In addition, being able to connect with people and build strong relationships is key to becoming a good Exit Planning Advisor. Being a good listener and really being able to understand what business owners want and need out of this transition is key as well. In building strong relationships, I have been able to help my clients build value in their business, because I understand where they are, and I understand where they are trying to go, and I can help facilitate closing that gap. Lastly, another important aspect of being a successful advisor is having resources and tools, including software, like the planning software and many other educational and marketing resources that BEI provides.
BEI: How has your involvement with BEI impacted your practice?
BEI has really been everything to me. Without the support, education, guidance, and coaching that I have received from BEI, I would not feel confident to have conversations with not only business owners and prospective clients, but other advisors. As I mentioned before, education is key. I am so grateful for the knowledge I was able to gain in the BEI Boot Camp and Advanced Exit Planning Series. I am now in the process of getting my Certified Exit Planning Designation. With this knowledge gained from this education, I now have the confidence to be able to talk about this topic in an authoritative way. Having contacts at BEI to help guide me through this process has significantly helped as well.
BEI: What is your favorite part of the planning process?
Recently, I have realized that marketing is the most valuable step of the process. My practice can only grow efficiently if I am able to connect and engage with people and educate them on the importance of Exit Planning. In this era, it has become a lot easier to cast a wider net and reach the right audience. I use social media, online advertising, my website, and educational videos that have been very impactful.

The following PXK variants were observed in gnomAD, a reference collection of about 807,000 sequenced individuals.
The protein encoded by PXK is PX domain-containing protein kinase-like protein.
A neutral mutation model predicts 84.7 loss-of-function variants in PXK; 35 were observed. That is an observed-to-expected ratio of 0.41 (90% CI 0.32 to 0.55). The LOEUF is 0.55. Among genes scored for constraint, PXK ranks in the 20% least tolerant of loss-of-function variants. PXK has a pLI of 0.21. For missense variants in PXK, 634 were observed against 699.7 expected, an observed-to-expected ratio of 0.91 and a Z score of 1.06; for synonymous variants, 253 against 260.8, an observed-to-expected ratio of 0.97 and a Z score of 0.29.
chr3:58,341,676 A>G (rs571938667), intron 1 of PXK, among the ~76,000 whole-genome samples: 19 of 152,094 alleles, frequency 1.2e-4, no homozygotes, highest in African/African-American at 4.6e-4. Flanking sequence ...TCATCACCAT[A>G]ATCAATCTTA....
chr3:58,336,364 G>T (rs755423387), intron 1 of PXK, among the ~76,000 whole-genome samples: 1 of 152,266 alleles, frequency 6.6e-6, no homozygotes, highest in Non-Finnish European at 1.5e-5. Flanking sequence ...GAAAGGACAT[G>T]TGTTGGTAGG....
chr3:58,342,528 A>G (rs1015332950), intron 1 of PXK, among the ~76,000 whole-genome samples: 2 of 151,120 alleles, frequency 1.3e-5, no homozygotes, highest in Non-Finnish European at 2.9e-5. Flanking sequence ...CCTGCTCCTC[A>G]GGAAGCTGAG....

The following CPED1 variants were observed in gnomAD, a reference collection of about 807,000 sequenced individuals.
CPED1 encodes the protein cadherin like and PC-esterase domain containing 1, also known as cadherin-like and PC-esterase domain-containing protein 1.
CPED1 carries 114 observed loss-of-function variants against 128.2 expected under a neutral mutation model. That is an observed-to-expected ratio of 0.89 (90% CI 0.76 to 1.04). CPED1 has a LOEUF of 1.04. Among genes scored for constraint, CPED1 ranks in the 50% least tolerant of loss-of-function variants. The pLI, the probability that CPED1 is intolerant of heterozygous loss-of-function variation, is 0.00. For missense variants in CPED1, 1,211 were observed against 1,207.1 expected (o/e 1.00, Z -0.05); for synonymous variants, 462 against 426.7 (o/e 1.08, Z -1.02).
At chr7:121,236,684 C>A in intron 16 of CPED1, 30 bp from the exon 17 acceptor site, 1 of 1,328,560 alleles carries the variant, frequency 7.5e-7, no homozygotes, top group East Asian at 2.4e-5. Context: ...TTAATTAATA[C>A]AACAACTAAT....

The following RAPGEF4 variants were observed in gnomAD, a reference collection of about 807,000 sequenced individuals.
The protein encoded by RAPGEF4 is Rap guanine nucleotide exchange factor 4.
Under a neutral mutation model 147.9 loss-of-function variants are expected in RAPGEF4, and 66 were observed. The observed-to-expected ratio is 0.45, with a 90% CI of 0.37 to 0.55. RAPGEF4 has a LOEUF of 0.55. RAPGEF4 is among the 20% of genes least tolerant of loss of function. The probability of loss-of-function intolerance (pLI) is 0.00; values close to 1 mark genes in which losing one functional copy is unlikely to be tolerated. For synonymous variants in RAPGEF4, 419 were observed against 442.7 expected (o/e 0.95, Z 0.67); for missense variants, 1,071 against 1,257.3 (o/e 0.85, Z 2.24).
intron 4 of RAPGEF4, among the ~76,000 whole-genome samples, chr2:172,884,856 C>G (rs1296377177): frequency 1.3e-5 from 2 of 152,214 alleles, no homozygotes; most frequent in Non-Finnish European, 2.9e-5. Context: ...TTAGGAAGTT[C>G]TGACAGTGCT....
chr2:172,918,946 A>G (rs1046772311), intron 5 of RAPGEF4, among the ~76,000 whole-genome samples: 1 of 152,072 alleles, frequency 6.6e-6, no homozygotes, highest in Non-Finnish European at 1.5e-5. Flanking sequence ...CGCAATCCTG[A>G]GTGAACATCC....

I have been making a lot of educational videos with the answers to many business owners' top concerns. Providing educational videos for business owners will enhance trust and credibility with clients and prospects. If prospects do not trust you, you will not be able to build a relationship with them or gain their business.
Education is the key to getting business owners to realize they need to take action to start Exit Planning early. Building awareness around the need for an Exit Plan and educating business owners and their circles of influence is really the first step. These educational marketing tactics have provided my clients with a better understanding of the process while also helping me to be seen as an expert on the topic. These marketing tactics have also helped me stand out from the other advisors in the industry.
If you, like Joe and so many other professional advisors, are looking for ways to collaborate and explore the Exit Planning industry, schedule a meeting with us today about how you can get involved in the broader BEI Network of Advisors.